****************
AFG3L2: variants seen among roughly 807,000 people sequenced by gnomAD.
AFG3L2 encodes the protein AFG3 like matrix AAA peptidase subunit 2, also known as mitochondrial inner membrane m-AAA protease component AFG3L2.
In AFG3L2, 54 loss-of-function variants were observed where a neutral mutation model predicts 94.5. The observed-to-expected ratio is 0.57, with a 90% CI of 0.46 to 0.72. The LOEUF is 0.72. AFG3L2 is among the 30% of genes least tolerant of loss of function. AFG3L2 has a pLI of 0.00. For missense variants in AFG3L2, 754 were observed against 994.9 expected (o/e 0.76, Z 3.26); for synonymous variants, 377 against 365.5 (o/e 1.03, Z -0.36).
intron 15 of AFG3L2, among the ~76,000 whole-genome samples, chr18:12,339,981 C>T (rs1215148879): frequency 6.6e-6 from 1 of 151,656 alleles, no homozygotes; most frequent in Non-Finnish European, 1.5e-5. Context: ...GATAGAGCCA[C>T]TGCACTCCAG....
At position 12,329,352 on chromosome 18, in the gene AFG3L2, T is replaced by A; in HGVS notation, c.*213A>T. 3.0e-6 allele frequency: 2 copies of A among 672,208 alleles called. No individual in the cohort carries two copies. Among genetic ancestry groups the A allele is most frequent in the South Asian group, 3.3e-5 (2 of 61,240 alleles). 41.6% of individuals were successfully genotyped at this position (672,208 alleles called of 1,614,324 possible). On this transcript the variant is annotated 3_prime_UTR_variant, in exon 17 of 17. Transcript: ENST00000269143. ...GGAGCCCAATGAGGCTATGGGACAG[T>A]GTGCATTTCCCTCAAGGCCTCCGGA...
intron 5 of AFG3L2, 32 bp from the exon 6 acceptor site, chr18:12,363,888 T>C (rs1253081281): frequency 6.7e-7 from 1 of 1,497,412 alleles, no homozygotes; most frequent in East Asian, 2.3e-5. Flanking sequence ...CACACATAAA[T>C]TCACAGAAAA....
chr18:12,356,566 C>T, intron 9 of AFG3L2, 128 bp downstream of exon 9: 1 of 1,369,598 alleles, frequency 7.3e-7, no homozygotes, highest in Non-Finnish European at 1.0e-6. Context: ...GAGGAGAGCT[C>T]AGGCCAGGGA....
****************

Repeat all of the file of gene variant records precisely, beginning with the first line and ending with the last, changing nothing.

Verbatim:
AFG3L2: variants seen among roughly 807,000 people sequenced by gnomAD.
AFG3L2 encodes the protein AFG3 like matrix AAA peptidase subunit 2, also known as mitochondrial inner membrane m-AAA protease component AFG3L2.
In AFG3L2, 54 loss-of-function variants were observed where a neutral mutation model predicts 94.5. The observed-to-expected ratio is 0.57, with a 90% CI of 0.46 to 0.72. The LOEUF is 0.72. AFG3L2 is among the 30% of genes least tolerant of loss of function. AFG3L2 has a pLI of 0.00. For missense variants in AFG3L2, 754 were observed against 994.9 expected (o/e 0.76, Z 3.26); for synonymous variants, 377 against 365.5 (o/e 1.03, Z -0.36).
intron 15 of AFG3L2, among the ~76,000 whole-genome samples, chr18:12,339,981 C>T (rs1215148879): frequency 6.6e-6 from 1 of 151,656 alleles, no homozygotes; most frequent in Non-Finnish European, 1.5e-5. Context: ...GATAGAGCCA[C>T]TGCACTCCAG....
At position 12,329,352 on chromosome 18, in the gene AFG3L2, T is replaced by A; in HGVS notation, c.*213A>T. 3.0e-6 allele frequency: 2 copies of A among 672,208 alleles called. No individual in the cohort carries two copies. Among genetic ancestry groups the A allele is most frequent in the South Asian group, 3.3e-5 (2 of 61,240 alleles). 41.6% of individuals were successfully genotyped at this position (672,208 alleles called of 1,614,324 possible). On this transcript the variant is annotated 3_prime_UTR_variant, in exon 17 of 17. Transcript: ENST00000269143. ...GGAGCCCAATGAGGCTATGGGACAG[T>A]GTGCATTTCCCTCAAGGCCTCCGGA...
intron 5 of AFG3L2, 32 bp from the exon 6 acceptor site, chr18:12,363,888 T>C (rs1253081281): frequency 6.7e-7 from 1 of 1,497,412 alleles, no homozygotes; most frequent in East Asian, 2.3e-5. Flanking sequence ...CACACATAAA[T>C]TCACAGAAAA....
chr18:12,356,566 C>T, intron 9 of AFG3L2, 128 bp downstream of exon 9: 1 of 1,369,598 alleles, frequency 7.3e-7, no homozygotes, highest in Non-Finnish European at 1.0e-6. Context: ...GAGGAGAGCT[C>T]AGGCCAGGGA....